Still, some Arizona businesses have taken a big hit. In August, officials in Santa Monica, Calif., recommended that Phoenix-based Cavco Industries be awarded a $3 million contract to replace 20 aging mobile homes in a city-owned park. But the city council refused to give the contract to Cavco — the low bidder — because the company is Arizona-based, and Santa Monica had passed a resolution imposing sanctions.
"I don't think that what they did serves any real useful purpose," said company CEO Joe Stegmayer. The homes would have been built at a plant near Phoenix, he said, which would have led to more work for the primarily Hispanic work force there. "I don't think it really meets their objectives of trying to help people in the Hispanic community, for example, or the average working person."
The pain also has been felt by the convention industry. An estimated 15 million visitors come to Arizona each year for vacations, conventions and sporting events such as the Fiesta Bowl, pro golf tournaments and baseball spring training. The state tourism office estimates that conventions and other tourism-related activity brought in $16.6 billion in 2009 and that 157,200 people were employed in the industry.
An analysis commissioned by the Center for American Progress put hotel industry losses during the first four months after the signing of the law at about $45 million. Visitors would have spent an additional $96 million during their stays, said Angela Kelley, the group's vice president for immigration policy and advocacy.
"This is as much I think to serve as a warning to other states, particularly those who rely on tourism and conferences and conventions, that there is an economic impact to it," Kelley said. "We feel like this is a very modest slice, just a piece of what the economic impact is, and we don't think that we're overstating it or overselling it."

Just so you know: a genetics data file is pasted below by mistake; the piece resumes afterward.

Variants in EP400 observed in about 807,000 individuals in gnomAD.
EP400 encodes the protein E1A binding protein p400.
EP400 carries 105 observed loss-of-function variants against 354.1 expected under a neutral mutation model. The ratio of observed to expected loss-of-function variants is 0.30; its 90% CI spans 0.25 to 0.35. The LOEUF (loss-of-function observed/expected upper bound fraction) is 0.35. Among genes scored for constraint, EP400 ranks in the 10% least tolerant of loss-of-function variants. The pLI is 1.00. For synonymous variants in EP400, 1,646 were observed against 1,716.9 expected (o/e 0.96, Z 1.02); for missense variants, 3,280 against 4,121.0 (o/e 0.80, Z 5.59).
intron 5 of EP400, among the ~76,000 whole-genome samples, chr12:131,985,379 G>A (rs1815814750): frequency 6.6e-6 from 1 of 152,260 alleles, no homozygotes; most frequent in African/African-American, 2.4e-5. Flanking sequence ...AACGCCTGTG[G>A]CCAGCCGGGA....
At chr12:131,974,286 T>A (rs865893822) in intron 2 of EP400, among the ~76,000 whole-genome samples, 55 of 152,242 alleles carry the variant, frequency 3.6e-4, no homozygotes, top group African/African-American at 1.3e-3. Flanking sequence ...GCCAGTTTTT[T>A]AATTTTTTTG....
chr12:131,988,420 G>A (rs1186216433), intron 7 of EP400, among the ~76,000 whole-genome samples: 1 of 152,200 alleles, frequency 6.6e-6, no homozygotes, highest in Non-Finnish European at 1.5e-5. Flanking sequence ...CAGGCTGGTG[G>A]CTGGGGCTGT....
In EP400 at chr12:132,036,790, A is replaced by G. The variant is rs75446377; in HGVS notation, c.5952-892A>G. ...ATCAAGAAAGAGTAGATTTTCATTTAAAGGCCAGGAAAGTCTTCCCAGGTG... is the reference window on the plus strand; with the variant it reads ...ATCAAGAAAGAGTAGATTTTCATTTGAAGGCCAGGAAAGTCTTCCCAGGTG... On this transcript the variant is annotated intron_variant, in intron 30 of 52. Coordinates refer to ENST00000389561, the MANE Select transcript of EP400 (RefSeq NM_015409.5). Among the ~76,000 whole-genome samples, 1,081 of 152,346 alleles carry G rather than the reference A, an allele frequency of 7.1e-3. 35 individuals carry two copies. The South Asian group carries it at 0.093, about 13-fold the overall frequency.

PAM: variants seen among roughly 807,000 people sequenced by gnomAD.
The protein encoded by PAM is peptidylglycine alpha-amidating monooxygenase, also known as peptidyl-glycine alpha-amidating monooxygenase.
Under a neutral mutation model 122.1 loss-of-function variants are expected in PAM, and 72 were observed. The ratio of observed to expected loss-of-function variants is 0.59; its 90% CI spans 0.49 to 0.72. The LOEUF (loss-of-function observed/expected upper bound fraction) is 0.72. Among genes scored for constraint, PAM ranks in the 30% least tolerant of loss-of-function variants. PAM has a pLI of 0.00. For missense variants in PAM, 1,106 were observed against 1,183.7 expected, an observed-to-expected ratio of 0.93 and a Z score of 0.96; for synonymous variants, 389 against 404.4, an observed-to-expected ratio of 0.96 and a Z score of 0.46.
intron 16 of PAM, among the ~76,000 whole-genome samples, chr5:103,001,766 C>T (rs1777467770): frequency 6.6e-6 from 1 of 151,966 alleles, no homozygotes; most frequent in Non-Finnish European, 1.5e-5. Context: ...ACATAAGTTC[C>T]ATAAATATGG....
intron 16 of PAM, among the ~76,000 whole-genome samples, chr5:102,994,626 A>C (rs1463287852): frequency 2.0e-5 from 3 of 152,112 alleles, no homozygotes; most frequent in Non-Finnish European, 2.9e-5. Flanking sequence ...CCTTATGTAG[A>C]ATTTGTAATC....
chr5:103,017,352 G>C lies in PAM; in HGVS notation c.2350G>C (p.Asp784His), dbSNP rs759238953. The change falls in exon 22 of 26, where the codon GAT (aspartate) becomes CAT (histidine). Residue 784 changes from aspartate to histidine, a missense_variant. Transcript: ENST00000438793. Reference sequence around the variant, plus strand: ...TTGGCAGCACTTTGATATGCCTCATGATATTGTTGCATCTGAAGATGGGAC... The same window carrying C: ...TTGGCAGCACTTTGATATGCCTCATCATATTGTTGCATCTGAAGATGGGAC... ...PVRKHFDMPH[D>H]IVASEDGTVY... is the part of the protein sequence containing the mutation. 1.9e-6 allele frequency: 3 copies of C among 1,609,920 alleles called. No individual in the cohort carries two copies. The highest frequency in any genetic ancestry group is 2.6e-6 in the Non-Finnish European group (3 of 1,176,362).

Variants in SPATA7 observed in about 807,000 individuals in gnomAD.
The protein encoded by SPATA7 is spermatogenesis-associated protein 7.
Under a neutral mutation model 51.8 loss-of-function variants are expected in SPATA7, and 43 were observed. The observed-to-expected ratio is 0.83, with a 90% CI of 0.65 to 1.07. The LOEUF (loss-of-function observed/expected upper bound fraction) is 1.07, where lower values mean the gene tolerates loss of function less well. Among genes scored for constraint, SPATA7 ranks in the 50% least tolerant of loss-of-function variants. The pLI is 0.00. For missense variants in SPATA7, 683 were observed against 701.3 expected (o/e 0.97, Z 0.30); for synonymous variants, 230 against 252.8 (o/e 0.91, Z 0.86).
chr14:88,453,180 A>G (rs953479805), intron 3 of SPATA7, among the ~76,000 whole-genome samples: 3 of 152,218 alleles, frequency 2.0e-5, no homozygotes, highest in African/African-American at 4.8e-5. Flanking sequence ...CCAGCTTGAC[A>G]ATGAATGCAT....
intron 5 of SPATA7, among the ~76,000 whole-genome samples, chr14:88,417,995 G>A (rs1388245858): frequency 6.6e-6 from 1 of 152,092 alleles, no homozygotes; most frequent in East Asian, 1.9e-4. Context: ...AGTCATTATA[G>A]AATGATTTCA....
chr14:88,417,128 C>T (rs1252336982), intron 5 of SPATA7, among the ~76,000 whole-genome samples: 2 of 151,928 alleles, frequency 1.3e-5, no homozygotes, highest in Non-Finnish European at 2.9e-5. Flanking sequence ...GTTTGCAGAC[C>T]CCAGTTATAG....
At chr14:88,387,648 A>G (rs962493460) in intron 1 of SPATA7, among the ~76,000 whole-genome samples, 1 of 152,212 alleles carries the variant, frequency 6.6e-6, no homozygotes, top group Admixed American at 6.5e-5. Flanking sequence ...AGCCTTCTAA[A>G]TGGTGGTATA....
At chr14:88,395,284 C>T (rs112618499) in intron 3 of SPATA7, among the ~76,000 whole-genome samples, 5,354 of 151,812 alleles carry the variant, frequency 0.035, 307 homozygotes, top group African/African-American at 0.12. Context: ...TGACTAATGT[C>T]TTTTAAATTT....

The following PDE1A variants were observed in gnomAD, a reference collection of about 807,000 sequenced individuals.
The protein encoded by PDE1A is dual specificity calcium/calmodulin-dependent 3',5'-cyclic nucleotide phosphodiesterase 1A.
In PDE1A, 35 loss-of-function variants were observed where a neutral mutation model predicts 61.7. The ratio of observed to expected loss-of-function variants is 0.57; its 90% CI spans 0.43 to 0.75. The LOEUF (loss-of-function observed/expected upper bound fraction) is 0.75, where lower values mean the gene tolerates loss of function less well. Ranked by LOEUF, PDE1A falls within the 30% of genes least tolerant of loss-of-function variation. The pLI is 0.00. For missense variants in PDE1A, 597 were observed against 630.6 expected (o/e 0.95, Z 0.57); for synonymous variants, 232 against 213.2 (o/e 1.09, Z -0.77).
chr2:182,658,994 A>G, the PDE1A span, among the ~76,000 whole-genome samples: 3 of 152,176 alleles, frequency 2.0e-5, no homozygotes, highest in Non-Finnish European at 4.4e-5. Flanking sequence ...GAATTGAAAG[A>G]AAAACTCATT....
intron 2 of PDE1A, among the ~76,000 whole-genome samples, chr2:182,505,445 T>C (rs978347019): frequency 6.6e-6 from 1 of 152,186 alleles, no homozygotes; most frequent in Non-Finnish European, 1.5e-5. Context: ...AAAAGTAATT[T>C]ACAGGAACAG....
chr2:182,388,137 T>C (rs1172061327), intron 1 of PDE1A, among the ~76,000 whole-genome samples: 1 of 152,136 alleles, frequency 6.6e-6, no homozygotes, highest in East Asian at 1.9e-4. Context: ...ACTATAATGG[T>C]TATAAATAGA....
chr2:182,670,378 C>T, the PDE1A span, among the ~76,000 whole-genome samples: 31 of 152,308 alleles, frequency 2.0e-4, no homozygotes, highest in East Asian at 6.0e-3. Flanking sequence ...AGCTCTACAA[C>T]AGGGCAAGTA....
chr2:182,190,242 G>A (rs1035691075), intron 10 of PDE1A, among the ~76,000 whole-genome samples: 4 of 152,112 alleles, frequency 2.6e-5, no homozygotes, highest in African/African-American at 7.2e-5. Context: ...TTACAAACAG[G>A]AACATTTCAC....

The study was paid for by the group, a liberal-leaning think tank, but conducted by the respected Scottsdale-based economic firm Elliott D. Pollack & Co. It also found that canceled meetings and conferences could cost the state nearly 2,800 jobs, $87 million in lost wages and more than $250 million in lost economic output over the next two to three years.
The jump in hotel occupancy cheers tourism officials. Visitation at the Grand Canyon went up by nearly 3 percent in June, July and August, compared with the same period in 2009. Arizona hotel occupancy rose by 8.3 percent in June, 2.6 percent in July and 3.4 percent in August, according to Smith Travel Research.
But conventions and the business they spark bring in much more revenue than the leisure market, said Debbie Johnson, president and CEO of the Arizona Hotel & Lodging Association, and the increase in visitation is compared with dismal 2009 occupancy levels that were below national rates.
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